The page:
They then hiked through Jayhawker Canyon, passed the future site of the Journigan Mill, and finally arrived at Harrisburg Flats. The group camped here, near good feed for their animals and snow which they melted for water.

Gold and silver became worthless, for it only weighed the emigrants down as they struggled to find water and a way out of the valley. One group member buried $3,000 in gold coins at the camp near Harrisburg Flats. Silver miners in the group discovered high-grade silver ore in the area but passed it up, as the search for water was more important.

After many hardships, the group finally reached Los Angeles and, from there, made it to the gold fields. There is no record that any of them ever attempted to recover the treasure left behind, although others have tried it many times.

The cache could still be near the old campsite. With an estimated value of over $150,000 on today’s collector market, the cache is a nugget no treasure hunter can afford to overlook.

Somewhere along the winding course of New River in northern California is reputed to be the now hidden entrance to a booty-laden cave. The U.S. Cavalry troopers originally hid the entrance for a different purpose than to frustrate today’s treasure hunters. All the time, they were sealing off an escape route used by marauding Indians in the region.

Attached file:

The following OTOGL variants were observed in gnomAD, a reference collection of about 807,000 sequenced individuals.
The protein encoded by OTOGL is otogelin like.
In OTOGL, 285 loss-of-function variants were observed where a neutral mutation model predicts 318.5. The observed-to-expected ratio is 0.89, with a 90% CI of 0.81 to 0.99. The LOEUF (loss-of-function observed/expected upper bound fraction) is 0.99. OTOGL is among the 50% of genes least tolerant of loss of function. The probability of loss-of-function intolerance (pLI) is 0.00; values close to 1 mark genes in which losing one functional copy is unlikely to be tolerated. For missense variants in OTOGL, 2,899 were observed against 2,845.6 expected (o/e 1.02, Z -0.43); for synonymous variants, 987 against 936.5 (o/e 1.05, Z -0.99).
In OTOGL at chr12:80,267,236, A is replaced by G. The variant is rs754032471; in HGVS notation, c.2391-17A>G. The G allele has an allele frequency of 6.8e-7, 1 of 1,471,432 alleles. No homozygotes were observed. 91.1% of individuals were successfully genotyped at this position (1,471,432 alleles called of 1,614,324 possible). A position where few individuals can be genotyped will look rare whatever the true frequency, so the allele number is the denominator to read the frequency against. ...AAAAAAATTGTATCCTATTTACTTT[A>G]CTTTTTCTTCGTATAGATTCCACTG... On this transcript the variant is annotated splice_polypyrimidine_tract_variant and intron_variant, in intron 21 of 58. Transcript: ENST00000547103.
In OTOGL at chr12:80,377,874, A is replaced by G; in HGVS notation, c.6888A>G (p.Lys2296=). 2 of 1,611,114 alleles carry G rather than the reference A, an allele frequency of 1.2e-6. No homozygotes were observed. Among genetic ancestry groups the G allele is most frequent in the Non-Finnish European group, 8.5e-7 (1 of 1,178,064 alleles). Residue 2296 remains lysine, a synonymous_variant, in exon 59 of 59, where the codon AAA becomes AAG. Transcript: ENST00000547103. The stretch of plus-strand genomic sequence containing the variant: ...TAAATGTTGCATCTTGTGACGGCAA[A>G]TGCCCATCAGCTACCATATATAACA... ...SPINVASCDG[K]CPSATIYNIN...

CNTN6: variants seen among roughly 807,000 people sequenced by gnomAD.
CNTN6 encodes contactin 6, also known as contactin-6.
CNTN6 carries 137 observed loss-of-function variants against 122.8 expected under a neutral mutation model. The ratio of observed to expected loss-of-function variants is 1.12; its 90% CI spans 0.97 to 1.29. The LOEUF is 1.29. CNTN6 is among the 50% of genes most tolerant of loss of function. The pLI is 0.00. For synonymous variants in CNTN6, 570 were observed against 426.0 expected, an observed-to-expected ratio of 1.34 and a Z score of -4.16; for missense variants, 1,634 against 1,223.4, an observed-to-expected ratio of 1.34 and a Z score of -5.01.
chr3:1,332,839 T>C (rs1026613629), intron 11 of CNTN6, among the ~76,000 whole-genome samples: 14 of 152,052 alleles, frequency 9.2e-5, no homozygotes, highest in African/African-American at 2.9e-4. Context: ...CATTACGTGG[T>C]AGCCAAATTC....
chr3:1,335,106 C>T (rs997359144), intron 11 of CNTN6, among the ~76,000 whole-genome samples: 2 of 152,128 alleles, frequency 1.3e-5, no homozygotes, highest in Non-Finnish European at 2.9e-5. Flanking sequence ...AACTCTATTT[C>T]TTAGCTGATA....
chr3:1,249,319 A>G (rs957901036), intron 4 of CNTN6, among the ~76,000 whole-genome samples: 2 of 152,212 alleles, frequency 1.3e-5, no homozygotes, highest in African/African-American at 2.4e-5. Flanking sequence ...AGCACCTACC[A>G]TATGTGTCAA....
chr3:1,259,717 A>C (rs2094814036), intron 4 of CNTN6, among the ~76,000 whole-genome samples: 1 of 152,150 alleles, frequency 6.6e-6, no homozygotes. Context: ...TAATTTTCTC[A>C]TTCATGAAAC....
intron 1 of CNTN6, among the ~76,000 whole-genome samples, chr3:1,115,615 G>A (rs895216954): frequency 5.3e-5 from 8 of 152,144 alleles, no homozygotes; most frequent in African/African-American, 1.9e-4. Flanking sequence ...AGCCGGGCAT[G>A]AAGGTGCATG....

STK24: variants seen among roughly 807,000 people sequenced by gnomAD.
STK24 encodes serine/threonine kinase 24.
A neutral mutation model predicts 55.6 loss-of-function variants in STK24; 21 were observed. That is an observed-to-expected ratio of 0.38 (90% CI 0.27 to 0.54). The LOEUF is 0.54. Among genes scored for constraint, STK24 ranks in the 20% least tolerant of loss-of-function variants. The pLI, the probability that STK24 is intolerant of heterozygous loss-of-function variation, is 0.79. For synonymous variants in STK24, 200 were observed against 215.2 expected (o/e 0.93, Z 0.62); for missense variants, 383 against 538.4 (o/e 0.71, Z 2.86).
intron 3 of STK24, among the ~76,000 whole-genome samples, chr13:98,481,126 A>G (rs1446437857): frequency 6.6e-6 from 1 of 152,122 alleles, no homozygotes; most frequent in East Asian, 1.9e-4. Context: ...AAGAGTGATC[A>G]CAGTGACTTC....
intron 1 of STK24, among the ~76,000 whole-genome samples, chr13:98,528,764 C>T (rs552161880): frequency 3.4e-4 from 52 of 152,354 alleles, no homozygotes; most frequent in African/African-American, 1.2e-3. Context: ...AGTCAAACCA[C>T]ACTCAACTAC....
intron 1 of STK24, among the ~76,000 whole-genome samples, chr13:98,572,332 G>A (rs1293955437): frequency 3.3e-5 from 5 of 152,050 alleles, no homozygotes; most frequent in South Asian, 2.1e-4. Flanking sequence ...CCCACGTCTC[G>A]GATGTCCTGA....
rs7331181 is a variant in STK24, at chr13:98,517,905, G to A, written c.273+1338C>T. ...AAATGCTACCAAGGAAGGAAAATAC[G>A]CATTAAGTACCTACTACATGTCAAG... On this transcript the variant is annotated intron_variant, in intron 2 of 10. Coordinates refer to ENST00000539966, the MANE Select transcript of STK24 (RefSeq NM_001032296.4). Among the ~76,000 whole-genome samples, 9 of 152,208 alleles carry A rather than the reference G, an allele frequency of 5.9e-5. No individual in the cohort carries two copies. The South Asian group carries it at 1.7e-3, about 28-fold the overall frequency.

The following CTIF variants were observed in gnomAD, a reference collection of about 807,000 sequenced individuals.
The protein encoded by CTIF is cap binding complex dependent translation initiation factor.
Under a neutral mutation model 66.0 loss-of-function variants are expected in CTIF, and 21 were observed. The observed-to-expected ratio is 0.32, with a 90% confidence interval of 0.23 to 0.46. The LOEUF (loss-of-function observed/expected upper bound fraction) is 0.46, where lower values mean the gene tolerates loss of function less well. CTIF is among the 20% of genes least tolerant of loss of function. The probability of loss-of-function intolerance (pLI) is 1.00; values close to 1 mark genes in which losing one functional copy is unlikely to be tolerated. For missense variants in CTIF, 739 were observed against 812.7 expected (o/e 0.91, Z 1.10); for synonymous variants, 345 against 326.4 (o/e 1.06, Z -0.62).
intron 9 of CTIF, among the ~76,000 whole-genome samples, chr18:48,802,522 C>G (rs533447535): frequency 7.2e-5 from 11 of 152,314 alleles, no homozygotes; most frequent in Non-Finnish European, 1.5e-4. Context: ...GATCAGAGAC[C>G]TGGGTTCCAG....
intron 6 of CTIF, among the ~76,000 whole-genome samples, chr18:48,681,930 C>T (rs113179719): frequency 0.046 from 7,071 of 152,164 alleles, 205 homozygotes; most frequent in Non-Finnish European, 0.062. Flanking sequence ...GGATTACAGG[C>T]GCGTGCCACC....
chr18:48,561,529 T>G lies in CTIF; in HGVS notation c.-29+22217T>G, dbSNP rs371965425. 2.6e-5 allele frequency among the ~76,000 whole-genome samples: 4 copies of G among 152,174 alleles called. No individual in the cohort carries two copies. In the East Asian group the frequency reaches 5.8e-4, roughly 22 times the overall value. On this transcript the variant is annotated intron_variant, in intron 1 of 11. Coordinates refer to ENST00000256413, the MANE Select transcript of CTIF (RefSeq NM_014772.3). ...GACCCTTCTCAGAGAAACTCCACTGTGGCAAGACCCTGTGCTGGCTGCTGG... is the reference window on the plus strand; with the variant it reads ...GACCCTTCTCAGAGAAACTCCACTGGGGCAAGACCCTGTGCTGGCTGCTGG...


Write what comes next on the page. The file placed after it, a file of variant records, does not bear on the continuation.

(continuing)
This cave entrance had escaped notice for years before the Army’s explosive charges collapsed it. The reason can be best appreciated by viewing the rugged nature of the country wherein it lies. Even today, few roads lead into the region.

Originally there were two entrances to this legendary cave. The only one now remaining is near the base of a rocky ledge overlooking U.S. Highway 299, 30 miles west of Weaverville. Known today as Del-Loma Cave, its underground length is estimated at almost 28 miles.